The Struggle is Real for Grocery Chains as Mergers Persist
The prevalence of grocery store mergers is bringing about quite a change in the food retail industry.
One such merger has moved closer to fruition this week. Pending shareholder and regulatory approval, Delhaize’s Food Lion and Hannaford stores will merge with Ahold’s Stop & Shop and Giant chains--taking 4.6 percent share of the American grocery market and ultimately creating one of the world’s leading food retailers. If it goes through--likely about one year from now--the two would be known as Ahold Delhaize--a $29.5 billion company with more than 6,500 stores and 375,000 employees in the U.S. and Europe. By combining advertising and promotions, along with consolidating their distribution and warehousing, Delhaize and Ahold expect to save half a billion dollars within 3 years of merging.
This move follows the joining of multiple retailers over the past few years--Spartan Stores with Nash Finch, Safeway with Albertson’s and Kroger with Harris Teeter. While some might expect extreme makeovers following such major unions, it is believed that maintaining each store’s identity and name will not disrupt the customer loyalty each has earned over time.
The reason for these mergers is simple--sales are flat and retailers need to get an edge on the competition. Increasingly, these chains are competing with warehouses that sell in bulk such as Costco and Sam’s Club. But there’s also rivalry against stores like Target and Walmart super centers--the latter of which is the largest grocery chain in the U.S.--that have expanded product offerings. Then there’s consumers’ love affair with dollar stores--particularly since the recession--discount chains and the ever popular natural food stores like Whole Foods and Sprouts. In Europe, there’s been a spike in consumers preferring to buy groceries online.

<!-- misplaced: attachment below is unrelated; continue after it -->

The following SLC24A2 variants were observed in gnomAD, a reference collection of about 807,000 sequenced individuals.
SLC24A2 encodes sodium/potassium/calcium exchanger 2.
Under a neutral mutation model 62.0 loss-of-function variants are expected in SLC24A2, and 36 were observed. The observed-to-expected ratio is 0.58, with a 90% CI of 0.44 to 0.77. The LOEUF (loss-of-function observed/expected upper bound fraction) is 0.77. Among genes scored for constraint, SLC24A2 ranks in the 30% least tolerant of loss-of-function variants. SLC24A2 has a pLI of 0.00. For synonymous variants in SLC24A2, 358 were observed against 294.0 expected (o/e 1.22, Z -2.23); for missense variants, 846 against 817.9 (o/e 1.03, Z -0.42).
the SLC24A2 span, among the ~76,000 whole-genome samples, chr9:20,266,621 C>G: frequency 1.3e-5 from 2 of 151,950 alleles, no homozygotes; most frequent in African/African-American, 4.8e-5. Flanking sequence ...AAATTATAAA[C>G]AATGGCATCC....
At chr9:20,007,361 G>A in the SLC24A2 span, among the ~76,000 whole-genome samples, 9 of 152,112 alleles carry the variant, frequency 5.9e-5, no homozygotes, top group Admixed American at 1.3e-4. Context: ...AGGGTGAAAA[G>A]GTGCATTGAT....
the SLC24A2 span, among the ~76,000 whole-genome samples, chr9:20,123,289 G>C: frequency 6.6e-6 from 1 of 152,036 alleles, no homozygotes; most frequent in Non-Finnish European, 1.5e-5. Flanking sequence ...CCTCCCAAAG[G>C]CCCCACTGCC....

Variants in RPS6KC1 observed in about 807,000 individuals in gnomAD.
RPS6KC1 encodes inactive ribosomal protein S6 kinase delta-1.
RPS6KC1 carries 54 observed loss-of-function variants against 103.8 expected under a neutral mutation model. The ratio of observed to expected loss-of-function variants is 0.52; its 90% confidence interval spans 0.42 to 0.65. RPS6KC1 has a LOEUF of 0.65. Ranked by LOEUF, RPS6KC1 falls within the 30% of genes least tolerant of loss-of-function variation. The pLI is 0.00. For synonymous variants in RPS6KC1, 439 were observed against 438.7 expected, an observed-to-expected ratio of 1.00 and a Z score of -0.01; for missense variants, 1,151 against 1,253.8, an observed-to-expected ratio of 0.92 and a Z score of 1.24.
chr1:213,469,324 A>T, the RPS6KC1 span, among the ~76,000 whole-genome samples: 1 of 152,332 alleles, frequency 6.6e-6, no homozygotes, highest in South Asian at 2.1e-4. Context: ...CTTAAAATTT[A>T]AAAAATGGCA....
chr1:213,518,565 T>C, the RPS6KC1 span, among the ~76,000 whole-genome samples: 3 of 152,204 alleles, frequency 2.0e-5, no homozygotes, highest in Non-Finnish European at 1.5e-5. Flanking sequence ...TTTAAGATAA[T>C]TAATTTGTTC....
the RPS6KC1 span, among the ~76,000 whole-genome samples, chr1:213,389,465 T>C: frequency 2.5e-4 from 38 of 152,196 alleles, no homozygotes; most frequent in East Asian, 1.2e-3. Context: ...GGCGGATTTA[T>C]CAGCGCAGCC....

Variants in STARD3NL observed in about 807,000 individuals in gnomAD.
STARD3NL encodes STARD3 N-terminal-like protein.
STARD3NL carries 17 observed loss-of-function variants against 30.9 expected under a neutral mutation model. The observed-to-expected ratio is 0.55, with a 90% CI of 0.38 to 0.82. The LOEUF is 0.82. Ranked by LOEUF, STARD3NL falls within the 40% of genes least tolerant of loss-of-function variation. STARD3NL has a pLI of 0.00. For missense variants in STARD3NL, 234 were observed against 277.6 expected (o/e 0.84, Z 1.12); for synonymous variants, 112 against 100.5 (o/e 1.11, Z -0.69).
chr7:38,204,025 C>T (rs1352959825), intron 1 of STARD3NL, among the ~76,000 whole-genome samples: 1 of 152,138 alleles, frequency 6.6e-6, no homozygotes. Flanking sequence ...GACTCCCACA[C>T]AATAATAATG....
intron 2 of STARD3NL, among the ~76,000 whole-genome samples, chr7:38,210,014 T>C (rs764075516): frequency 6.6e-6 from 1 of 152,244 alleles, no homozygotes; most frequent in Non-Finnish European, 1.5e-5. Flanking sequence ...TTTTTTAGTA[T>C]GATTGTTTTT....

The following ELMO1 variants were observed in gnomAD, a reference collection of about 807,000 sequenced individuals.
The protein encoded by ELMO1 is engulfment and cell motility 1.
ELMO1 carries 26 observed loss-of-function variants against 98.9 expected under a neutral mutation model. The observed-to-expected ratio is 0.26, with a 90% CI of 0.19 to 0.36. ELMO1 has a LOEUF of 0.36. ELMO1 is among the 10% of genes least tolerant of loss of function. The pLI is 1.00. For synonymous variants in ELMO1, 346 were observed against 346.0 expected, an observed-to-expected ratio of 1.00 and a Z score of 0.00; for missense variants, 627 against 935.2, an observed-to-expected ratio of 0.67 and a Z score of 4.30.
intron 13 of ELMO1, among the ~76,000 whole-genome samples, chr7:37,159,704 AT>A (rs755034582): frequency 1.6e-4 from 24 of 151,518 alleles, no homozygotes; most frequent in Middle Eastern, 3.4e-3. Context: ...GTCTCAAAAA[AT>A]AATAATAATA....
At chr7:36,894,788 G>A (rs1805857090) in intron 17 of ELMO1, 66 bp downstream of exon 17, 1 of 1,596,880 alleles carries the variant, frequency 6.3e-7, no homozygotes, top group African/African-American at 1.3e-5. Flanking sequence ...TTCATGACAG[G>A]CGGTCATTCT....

While maintaining store identities seems to work, altering other strategies has proven to be detrimental. After Food Lion implemented an “everyday low pricing” structure much like Walmart’s, the chain saw a drop in sales, likely losing customers who prefer weekly advertised sales and promotions.
Delhaize and Ahold continue to make progress with their pending merger, their traditional stores persevering between the fame of affordable stores and more upscale retailers. Their dreams of gaining market share and saving money is no new phenomenon, though. The companies are said to have first discussed merging back in 2006.